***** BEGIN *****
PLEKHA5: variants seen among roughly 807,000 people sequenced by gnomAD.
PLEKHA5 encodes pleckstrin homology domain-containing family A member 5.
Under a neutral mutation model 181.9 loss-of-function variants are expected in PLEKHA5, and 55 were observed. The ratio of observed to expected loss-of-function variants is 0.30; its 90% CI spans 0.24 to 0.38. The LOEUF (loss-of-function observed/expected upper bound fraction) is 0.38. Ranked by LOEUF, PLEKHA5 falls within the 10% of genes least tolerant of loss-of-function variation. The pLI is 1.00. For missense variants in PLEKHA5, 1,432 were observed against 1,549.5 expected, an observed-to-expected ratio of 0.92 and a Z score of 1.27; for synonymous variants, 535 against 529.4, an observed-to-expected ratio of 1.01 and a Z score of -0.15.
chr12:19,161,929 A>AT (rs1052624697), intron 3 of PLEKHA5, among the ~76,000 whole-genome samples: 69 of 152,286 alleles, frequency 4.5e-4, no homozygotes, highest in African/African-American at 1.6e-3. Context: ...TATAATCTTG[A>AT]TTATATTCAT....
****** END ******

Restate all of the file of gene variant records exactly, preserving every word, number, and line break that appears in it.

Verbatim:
PLEKHA5: variants seen among roughly 807,000 people sequenced by gnomAD.
PLEKHA5 encodes pleckstrin homology domain-containing family A member 5.
Under a neutral mutation model 181.9 loss-of-function variants are expected in PLEKHA5, and 55 were observed. The ratio of observed to expected loss-of-function variants is 0.30; its 90% CI spans 0.24 to 0.38. The LOEUF (loss-of-function observed/expected upper bound fraction) is 0.38. Ranked by LOEUF, PLEKHA5 falls within the 10% of genes least tolerant of loss-of-function variation. The pLI is 1.00. For missense variants in PLEKHA5, 1,432 were observed against 1,549.5 expected, an observed-to-expected ratio of 0.92 and a Z score of 1.27; for synonymous variants, 535 against 529.4, an observed-to-expected ratio of 1.01 and a Z score of -0.15.
chr12:19,161,929 A>AT (rs1052624697), intron 3 of PLEKHA5, among the ~76,000 whole-genome samples: 69 of 152,286 alleles, frequency 4.5e-4, no homozygotes, highest in African/African-American at 1.6e-3. Context: ...TATAATCTTG[A>AT]TTATATTCAT....